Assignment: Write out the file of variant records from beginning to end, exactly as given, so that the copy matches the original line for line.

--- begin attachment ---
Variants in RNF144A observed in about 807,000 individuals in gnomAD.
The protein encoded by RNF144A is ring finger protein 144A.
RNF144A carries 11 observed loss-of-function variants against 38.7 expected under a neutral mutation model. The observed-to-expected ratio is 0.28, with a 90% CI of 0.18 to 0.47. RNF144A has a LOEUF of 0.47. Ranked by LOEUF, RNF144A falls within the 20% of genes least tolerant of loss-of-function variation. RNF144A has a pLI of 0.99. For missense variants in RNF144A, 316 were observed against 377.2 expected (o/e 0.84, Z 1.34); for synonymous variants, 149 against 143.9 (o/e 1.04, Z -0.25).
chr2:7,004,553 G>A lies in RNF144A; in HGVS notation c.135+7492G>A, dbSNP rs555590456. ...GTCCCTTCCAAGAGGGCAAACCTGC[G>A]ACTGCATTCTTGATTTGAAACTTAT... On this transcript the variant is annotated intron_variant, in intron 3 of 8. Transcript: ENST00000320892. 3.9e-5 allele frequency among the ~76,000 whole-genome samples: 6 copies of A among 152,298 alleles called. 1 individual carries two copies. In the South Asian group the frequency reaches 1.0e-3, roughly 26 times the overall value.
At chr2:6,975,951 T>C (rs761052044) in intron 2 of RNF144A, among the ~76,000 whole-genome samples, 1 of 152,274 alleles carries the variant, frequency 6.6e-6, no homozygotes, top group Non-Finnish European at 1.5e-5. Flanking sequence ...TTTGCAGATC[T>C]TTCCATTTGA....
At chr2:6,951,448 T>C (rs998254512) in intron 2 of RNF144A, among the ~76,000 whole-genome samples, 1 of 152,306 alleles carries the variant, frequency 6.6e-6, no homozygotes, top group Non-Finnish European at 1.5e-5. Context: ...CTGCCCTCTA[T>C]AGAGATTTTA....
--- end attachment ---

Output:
Variants in RNF144A observed in about 807,000 individuals in gnomAD.
The protein encoded by RNF144A is ring finger protein 144A.
RNF144A carries 11 observed loss-of-function variants against 38.7 expected under a neutral mutation model. The observed-to-expected ratio is 0.28, with a 90% CI of 0.18 to 0.47. RNF144A has a LOEUF of 0.47. Ranked by LOEUF, RNF144A falls within the 20% of genes least tolerant of loss-of-function variation. RNF144A has a pLI of 0.99. For missense variants in RNF144A, 316 were observed against 377.2 expected (o/e 0.84, Z 1.34); for synonymous variants, 149 against 143.9 (o/e 1.04, Z -0.25).
chr2:7,004,553 G>A lies in RNF144A; in HGVS notation c.135+7492G>A, dbSNP rs555590456. ...GTCCCTTCCAAGAGGGCAAACCTGC[G>A]ACTGCATTCTTGATTTGAAACTTAT... On this transcript the variant is annotated intron_variant, in intron 3 of 8. Transcript: ENST00000320892. 3.9e-5 allele frequency among the ~76,000 whole-genome samples: 6 copies of A among 152,298 alleles called. 1 individual carries two copies. In the South Asian group the frequency reaches 1.0e-3, roughly 26 times the overall value.
At chr2:6,975,951 T>C (rs761052044) in intron 2 of RNF144A, among the ~76,000 whole-genome samples, 1 of 152,274 alleles carries the variant, frequency 6.6e-6, no homozygotes, top group Non-Finnish European at 1.5e-5. Flanking sequence ...TTTGCAGATC[T>C]TTCCATTTGA....
At chr2:6,951,448 T>C (rs998254512) in intron 2 of RNF144A, among the ~76,000 whole-genome samples, 1 of 152,306 alleles carries the variant, frequency 6.6e-6, no homozygotes, top group Non-Finnish European at 1.5e-5. Context: ...CTGCCCTCTA[T>C]AGAGATTTTA....